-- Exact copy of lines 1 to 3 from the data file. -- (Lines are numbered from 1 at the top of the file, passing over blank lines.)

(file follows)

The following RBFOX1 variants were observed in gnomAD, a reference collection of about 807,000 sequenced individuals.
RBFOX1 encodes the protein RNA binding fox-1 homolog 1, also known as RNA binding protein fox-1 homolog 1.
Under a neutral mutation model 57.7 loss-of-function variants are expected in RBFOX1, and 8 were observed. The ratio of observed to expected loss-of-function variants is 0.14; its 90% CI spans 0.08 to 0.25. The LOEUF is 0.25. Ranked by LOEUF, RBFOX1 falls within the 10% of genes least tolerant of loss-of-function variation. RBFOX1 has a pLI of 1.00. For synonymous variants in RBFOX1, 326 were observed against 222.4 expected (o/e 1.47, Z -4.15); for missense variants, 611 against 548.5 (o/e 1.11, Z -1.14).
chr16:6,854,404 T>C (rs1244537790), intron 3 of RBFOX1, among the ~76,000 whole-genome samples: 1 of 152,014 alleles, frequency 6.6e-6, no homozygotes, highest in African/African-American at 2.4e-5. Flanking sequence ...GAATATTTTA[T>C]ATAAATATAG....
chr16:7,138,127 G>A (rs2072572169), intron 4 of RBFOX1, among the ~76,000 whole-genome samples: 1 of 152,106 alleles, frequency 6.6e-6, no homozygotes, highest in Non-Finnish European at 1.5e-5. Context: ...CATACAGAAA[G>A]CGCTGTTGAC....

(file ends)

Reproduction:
The following RBFOX1 variants were observed in gnomAD, a reference collection of about 807,000 sequenced individuals.
RBFOX1 encodes the protein RNA binding fox-1 homolog 1, also known as RNA binding protein fox-1 homolog 1.
Under a neutral mutation model 57.7 loss-of-function variants are expected in RBFOX1, and 8 were observed. The ratio of observed to expected loss-of-function variants is 0.14; its 90% CI spans 0.08 to 0.25. The LOEUF is 0.25. Ranked by LOEUF, RBFOX1 falls within the 10% of genes least tolerant of loss-of-function variation. RBFOX1 has a pLI of 1.00. For synonymous variants in RBFOX1, 326 were observed against 222.4 expected (o/e 1.47, Z -4.15); for missense variants, 611 against 548.5 (o/e 1.11, Z -1.14).